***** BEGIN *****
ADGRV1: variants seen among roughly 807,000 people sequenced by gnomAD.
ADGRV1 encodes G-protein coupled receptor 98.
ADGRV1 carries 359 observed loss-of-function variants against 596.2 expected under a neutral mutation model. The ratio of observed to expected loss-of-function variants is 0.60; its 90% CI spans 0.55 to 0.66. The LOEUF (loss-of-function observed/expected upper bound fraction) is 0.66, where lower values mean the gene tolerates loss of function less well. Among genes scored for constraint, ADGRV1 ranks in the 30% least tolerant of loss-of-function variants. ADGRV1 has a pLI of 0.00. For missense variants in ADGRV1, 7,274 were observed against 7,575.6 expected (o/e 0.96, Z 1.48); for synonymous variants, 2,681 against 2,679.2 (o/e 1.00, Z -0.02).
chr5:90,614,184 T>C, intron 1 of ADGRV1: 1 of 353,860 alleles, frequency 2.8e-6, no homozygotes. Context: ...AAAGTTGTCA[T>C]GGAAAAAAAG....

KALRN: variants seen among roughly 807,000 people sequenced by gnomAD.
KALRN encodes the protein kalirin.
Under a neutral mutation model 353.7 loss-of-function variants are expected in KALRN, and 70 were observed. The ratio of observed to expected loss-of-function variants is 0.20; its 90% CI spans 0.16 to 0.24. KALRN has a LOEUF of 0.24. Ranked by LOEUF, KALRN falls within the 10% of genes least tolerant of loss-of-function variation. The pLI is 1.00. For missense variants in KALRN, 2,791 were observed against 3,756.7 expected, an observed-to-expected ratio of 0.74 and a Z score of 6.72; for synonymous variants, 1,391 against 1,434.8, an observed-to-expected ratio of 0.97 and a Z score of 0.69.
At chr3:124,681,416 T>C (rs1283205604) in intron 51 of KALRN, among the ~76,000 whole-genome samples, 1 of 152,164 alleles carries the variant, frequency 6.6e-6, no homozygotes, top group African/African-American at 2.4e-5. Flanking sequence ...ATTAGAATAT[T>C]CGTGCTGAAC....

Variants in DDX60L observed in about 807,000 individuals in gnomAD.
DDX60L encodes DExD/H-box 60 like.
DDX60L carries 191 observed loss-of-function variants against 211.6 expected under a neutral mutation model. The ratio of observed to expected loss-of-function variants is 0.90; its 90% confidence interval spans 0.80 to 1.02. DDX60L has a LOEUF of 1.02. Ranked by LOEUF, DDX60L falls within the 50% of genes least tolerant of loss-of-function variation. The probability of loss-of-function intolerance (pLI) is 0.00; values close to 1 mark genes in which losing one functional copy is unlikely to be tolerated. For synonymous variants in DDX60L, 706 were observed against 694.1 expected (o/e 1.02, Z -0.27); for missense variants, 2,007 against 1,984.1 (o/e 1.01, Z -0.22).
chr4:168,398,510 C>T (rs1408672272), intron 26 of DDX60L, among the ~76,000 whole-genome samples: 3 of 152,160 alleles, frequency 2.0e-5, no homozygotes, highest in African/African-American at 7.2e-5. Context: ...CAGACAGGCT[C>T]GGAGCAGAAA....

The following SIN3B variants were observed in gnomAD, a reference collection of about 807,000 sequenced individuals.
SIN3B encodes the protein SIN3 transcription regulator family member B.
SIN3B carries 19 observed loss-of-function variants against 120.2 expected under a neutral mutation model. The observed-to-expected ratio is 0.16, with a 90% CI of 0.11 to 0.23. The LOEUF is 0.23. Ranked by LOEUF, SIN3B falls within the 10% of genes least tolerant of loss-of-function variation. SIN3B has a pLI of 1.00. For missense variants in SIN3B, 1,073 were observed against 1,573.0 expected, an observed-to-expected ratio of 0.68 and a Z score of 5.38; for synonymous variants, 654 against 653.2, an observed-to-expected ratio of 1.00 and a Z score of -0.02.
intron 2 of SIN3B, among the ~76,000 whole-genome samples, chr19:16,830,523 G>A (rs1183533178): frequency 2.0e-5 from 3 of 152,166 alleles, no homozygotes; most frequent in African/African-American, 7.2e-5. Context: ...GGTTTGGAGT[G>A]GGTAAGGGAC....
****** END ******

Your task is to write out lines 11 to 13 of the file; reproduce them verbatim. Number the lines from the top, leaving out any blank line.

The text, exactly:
DDX60L carries 191 observed loss-of-function variants against 211.6 expected under a neutral mutation model. The ratio of observed to expected loss-of-function variants is 0.90; its 90% confidence interval spans 0.80 to 1.02. DDX60L has a LOEUF of 1.02. Ranked by LOEUF, DDX60L falls within the 50% of genes least tolerant of loss-of-function variation. The probability of loss-of-function intolerance (pLI) is 0.00; values close to 1 mark genes in which losing one functional copy is unlikely to be tolerated. For synonymous variants in DDX60L, 706 were observed against 694.1 expected (o/e 1.02, Z -0.27); for missense variants, 2,007 against 1,984.1 (o/e 1.01, Z -0.22).
chr4:168,398,510 C>T (rs1408672272), intron 26 of DDX60L, among the ~76,000 whole-genome samples: 3 of 152,160 alleles, frequency 2.0e-5, no homozygotes, highest in African/African-American at 7.2e-5. Context: ...CAGACAGGCT[C>T]GGAGCAGAAA....

The following SIN3B variants were observed in gnomAD, a reference collection of about 807,000 sequenced individuals.